Now – here’s a point to ponder: When does a garden ornament become a sculpture? What actually defines a sculpture?


I puzzled on this as I meandered through the hydrangeas, also wondering why ours don’t look quite like these gargantuan specimens. No Wonderland figures here as far as I could see so I changed route towards the rockeries, passing this intriguingly mown lawn and more herbaceous borders.




Here I found the Mad Hatter standing on the edge of a bird bath as well as the White Rabbit. I spied the manufacturer’s details on an information stand near these two and thought what an excellent way this is to maximise publicity for your company.



White Rabbit with the Dormouse sitting in the bird bath

I can imagine that these figurines will prove very popular and are certainly a step up from the kitsch garden gnomes or moulded Alsatian dogs I’ve seen at my local garden centre.

As I crossed the main lawn where I passed a giant chess set and a croquet game being played with plastic flamingos (this whole event has been very well thought out for Wisley’s youthful visitors) it occurred to me that I’d probably answered my own question, especially as I spied this bronze sculpture, on loan to Wisley from the Henry Moore Foundation.


Entitled simply ‘King and Queen’ and created by Henry Moore in 1957, these two figures sit serenely in front of the house now used as a botanical laboratory. They overlook the canal and appear very much at home here.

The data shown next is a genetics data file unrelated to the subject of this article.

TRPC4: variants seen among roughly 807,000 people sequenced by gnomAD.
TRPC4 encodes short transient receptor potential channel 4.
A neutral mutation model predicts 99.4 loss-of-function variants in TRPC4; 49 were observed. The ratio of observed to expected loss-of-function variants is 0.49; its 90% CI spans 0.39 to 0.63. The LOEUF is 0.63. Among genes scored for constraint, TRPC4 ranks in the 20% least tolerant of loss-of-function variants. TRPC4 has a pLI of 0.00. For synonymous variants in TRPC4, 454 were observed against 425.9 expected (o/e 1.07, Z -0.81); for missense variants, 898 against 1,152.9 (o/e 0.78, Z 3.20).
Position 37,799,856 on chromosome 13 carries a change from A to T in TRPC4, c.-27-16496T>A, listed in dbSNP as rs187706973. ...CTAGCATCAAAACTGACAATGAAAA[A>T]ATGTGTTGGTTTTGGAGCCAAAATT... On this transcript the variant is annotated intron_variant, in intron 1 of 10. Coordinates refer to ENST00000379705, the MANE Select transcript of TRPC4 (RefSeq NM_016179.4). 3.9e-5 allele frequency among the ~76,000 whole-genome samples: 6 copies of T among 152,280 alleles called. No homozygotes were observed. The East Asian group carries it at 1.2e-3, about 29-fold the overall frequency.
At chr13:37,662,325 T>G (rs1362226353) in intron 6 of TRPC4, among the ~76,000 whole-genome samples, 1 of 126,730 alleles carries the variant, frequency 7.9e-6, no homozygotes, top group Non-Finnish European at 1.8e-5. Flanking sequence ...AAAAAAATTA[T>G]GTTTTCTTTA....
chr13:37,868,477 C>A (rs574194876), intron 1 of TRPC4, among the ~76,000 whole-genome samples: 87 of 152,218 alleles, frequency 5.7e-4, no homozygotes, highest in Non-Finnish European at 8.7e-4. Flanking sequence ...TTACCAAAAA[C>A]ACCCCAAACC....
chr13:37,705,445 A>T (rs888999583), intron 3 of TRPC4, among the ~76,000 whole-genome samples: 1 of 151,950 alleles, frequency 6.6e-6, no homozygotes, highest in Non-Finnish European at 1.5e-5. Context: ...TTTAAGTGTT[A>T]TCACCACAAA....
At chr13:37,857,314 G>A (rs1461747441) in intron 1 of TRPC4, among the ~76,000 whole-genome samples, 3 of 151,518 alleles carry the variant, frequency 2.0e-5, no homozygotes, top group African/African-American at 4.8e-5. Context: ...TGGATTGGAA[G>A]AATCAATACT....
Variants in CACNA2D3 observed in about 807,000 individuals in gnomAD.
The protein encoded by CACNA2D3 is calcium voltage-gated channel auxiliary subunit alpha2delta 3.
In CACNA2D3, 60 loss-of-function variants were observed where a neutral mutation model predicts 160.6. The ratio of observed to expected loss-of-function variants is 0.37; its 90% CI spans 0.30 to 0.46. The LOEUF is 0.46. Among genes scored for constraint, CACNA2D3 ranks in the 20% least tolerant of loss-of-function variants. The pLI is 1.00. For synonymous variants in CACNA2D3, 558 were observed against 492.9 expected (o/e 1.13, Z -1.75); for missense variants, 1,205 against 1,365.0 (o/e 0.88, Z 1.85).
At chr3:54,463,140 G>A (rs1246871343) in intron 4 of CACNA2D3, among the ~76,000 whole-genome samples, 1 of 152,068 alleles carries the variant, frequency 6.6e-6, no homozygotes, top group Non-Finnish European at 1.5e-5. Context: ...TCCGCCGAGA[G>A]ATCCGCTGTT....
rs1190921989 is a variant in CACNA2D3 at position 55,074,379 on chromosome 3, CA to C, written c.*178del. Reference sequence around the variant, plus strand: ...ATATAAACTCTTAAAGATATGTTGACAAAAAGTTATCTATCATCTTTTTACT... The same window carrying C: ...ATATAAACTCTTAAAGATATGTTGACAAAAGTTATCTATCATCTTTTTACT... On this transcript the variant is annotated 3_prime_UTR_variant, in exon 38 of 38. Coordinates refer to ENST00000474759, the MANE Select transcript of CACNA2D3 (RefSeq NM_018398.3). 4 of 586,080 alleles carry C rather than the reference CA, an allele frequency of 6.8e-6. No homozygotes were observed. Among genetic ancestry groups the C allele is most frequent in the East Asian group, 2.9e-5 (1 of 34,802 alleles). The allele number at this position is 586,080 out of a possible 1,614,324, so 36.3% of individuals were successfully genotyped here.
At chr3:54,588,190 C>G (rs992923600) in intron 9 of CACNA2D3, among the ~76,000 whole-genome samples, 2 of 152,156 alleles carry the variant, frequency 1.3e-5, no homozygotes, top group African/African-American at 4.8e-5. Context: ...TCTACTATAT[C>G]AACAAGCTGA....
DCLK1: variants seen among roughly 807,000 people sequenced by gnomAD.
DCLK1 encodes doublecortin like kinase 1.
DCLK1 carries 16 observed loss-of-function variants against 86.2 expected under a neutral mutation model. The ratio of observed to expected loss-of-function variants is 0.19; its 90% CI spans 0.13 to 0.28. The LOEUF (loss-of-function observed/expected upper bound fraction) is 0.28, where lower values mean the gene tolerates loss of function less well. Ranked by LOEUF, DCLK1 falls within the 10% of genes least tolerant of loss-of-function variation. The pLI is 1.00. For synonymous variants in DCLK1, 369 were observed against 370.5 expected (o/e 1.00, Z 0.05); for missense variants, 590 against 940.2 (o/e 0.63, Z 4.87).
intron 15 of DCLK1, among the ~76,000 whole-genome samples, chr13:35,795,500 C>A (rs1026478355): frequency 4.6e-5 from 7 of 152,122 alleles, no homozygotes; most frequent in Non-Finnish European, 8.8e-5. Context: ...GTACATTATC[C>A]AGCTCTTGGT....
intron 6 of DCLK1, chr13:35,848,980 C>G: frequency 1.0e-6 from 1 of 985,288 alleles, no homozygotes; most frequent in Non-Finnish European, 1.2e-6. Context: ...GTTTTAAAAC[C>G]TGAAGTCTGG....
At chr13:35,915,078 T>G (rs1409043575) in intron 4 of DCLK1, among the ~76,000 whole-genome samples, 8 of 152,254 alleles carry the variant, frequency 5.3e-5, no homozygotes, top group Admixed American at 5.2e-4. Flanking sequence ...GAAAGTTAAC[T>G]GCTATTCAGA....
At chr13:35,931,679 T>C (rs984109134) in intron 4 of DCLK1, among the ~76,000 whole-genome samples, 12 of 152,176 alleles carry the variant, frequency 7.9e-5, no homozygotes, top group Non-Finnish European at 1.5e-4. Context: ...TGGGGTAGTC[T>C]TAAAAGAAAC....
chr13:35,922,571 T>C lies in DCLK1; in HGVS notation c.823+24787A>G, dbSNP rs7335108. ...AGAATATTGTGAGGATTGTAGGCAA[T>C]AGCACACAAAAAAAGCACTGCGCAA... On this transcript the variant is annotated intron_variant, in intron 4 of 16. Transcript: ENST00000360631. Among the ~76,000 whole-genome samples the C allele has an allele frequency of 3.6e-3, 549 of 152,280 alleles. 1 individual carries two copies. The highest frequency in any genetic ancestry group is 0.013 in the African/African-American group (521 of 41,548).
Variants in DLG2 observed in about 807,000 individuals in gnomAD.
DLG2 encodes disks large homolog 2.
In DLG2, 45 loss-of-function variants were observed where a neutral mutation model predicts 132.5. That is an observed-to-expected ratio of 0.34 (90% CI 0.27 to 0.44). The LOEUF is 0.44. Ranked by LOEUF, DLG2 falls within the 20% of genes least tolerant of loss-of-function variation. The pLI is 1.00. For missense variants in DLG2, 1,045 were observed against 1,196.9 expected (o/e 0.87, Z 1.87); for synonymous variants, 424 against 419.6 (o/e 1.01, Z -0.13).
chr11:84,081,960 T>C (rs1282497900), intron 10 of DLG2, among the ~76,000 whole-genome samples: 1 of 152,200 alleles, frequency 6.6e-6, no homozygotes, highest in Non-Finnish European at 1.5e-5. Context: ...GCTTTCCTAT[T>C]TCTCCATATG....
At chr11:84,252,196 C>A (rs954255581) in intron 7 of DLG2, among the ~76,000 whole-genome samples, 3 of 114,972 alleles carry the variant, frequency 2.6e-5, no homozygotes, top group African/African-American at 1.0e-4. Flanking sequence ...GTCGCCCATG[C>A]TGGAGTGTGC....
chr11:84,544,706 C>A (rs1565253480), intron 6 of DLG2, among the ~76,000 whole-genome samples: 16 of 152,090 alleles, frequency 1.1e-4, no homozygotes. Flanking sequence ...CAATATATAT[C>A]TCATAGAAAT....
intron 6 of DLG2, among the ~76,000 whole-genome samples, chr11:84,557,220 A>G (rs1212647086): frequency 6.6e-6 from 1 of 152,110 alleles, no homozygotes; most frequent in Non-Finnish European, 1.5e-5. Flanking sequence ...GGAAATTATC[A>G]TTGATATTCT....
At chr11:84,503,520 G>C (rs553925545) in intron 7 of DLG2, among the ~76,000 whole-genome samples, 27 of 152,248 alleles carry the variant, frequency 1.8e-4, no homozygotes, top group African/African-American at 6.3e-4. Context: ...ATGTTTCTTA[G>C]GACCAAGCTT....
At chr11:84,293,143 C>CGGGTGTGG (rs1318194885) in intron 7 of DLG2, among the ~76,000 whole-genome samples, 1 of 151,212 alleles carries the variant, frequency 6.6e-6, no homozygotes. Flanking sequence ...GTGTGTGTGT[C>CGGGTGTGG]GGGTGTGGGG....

Now, that’s what I call sculpture.

Adventures in Wonderland continues at Wisley until 31 August.

This post forms the fourth part of a challenge thrown down by Sherri, over at her Summerhouse.  As Sherri herself has already changed the rules of the challenge which originally was to post five pictures and five stories on consecutive days (ha! not a chance!), I have been taking a more relaxed attitude towards the rules myself. I’m supposed to nominate someone to take up the challenge after each of these posts but I’m not going to do that. Suffice to say, if you feel the urge to challenge yourself to five pictures/five stories (fact or fiction) then please feel free.







I wouldn’t want to give the impression that my life is just one continuous whirl of wafting around museums and galleries or discovering talented distant relations. There’s a certain amount of tedious monotony one has to get through before enjoyment is permitted.

Domestic drudgery is one of life’s necessities and I tackle mine on a what’s-needed- most-basis, rather than having a fixed routine as I know some folk do. I tend to take the ‘life’s too short to stuff a mushroom’ approach, a phrase coined by Shirley Conran in the seventies.

During a working week the bare minimum gets done but now with time off I am already sliding guiltily into thinking that a thorough, intense overdue spring-clean is in order.

How dull.

I start off with good intentions – planning my attack from the comfort of my morning bed while waiting to leap purposefully into the shower but by the time I’ve eaten breakfast and cleared away, the enthusiasm for all things household has worn off and I’m seeking excuses and distractions. As indeed I do when there is writing to be done. Suddenly a pile of ironing has never looked so appealing. Life can be so perverse.

I suffered an enforced incarceration last week which was the ideal time to set to which I did with gusto. I’m well aware that this sudden burst of domestic goddess-ery was brought on by a conversation I had with my hairdresser who revealed that she wipes her kitchen cabinet doors down every night. I have to say she made me feel inadequate and ashamed.